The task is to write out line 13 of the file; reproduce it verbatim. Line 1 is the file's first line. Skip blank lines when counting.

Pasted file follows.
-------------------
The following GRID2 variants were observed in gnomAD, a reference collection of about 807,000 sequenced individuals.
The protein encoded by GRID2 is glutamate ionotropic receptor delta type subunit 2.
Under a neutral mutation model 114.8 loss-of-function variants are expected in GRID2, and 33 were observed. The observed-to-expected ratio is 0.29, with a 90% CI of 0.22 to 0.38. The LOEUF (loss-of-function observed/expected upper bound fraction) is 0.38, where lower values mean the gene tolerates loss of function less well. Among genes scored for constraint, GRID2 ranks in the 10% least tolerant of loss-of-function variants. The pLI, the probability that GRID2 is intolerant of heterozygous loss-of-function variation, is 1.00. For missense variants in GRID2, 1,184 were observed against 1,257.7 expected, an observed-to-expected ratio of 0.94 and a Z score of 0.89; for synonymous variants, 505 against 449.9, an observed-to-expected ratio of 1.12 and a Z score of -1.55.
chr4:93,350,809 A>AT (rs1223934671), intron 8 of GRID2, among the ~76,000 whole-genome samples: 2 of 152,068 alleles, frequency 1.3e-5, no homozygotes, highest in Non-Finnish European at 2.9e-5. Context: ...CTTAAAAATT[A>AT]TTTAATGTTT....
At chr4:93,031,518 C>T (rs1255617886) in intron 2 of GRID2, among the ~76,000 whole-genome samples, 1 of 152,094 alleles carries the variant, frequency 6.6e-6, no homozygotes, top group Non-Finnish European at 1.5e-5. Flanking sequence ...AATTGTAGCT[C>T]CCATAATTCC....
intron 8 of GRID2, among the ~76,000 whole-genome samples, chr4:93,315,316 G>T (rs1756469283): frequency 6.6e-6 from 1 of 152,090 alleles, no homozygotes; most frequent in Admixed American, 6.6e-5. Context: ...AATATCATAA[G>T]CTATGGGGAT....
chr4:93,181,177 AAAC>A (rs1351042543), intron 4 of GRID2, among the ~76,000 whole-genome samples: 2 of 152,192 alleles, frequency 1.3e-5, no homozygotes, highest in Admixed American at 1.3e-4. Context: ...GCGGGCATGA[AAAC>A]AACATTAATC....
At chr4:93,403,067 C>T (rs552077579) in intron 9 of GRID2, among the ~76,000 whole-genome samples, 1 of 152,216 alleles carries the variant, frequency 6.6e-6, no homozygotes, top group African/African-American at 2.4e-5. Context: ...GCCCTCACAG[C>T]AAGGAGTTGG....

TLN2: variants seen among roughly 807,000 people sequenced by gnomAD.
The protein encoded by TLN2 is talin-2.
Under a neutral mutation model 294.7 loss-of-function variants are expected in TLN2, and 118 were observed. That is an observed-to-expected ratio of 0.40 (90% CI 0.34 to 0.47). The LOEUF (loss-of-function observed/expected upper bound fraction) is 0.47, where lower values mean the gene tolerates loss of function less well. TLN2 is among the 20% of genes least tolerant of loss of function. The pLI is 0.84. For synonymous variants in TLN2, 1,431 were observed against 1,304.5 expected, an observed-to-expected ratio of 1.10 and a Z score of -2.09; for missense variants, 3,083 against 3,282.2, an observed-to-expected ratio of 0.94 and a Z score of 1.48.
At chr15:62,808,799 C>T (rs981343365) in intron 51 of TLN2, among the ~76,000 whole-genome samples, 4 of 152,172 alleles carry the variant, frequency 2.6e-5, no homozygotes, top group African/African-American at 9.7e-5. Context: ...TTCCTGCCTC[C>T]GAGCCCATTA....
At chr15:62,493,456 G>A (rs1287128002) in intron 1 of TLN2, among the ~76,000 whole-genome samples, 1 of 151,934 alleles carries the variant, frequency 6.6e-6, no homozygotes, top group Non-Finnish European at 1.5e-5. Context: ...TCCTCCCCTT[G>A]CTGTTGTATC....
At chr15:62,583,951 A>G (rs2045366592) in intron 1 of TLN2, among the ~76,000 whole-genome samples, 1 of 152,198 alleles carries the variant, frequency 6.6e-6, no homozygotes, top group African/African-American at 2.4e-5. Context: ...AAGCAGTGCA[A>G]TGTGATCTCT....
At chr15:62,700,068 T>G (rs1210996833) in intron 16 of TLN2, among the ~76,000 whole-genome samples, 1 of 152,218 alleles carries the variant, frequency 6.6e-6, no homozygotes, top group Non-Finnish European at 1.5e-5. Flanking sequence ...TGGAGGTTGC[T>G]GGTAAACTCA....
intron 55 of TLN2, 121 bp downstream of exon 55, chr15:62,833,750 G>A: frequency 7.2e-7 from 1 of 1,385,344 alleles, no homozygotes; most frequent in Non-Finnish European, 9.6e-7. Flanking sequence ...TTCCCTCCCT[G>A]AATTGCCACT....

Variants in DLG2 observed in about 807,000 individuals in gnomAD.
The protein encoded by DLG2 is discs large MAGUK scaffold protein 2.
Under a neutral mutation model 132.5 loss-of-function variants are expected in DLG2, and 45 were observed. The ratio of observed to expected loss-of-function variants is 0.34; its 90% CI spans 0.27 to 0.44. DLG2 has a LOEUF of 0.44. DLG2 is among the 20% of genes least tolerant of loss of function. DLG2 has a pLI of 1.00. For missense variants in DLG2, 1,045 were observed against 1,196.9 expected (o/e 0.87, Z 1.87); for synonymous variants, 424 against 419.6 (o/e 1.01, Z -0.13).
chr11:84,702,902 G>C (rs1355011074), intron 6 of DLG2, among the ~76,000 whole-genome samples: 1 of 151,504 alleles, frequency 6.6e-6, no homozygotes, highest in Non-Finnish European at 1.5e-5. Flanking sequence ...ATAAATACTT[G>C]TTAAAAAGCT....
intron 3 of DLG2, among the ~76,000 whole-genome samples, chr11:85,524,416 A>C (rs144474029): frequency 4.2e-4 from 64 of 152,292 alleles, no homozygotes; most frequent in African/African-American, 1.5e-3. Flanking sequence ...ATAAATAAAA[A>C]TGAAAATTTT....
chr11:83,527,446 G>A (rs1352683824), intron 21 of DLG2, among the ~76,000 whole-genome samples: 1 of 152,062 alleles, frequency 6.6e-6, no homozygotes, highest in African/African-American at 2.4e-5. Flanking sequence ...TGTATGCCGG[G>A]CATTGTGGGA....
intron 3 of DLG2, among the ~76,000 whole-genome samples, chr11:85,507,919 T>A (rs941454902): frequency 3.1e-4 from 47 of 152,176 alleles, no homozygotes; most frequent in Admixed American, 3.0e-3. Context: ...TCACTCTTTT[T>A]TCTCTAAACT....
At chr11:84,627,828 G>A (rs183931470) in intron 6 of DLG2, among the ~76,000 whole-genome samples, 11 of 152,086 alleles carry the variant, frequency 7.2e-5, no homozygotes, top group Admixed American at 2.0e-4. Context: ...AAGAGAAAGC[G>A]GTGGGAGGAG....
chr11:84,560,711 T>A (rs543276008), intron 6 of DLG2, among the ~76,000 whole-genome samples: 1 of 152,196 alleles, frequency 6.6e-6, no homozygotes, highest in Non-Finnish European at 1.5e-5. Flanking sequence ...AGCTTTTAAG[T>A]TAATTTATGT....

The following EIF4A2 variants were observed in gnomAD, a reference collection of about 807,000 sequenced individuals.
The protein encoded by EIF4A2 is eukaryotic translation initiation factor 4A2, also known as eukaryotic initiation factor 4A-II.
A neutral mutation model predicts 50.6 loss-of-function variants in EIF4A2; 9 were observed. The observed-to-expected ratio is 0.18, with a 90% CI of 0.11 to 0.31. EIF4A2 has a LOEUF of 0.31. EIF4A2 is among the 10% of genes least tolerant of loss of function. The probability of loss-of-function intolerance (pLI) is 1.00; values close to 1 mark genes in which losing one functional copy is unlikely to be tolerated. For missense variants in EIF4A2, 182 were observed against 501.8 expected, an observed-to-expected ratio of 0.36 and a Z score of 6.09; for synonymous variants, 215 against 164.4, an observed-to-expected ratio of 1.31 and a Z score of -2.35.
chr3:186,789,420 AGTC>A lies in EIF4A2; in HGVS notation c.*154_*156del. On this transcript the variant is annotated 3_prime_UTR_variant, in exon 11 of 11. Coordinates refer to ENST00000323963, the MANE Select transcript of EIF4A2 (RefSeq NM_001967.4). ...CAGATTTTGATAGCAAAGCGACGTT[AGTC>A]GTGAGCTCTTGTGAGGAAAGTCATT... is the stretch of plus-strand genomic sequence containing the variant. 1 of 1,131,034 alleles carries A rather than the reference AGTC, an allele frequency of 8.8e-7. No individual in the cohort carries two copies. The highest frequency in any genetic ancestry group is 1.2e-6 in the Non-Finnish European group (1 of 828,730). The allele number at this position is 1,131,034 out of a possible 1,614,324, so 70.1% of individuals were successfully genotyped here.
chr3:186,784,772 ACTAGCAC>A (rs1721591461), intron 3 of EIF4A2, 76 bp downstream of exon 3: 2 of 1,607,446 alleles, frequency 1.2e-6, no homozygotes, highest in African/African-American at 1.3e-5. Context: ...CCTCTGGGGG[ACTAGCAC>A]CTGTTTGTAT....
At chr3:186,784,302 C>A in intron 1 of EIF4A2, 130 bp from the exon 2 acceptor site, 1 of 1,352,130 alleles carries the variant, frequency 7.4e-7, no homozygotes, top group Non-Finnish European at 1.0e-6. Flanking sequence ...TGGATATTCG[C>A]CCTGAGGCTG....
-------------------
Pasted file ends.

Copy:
At chr15:62,493,456 G>A (rs1287128002) in intron 1 of TLN2, among the ~76,000 whole-genome samples, 1 of 151,934 alleles carries the variant, frequency 6.6e-6, no homozygotes, top group Non-Finnish European at 1.5e-5. Context: ...TCCTCCCCTT[G>A]CTGTTGTATC....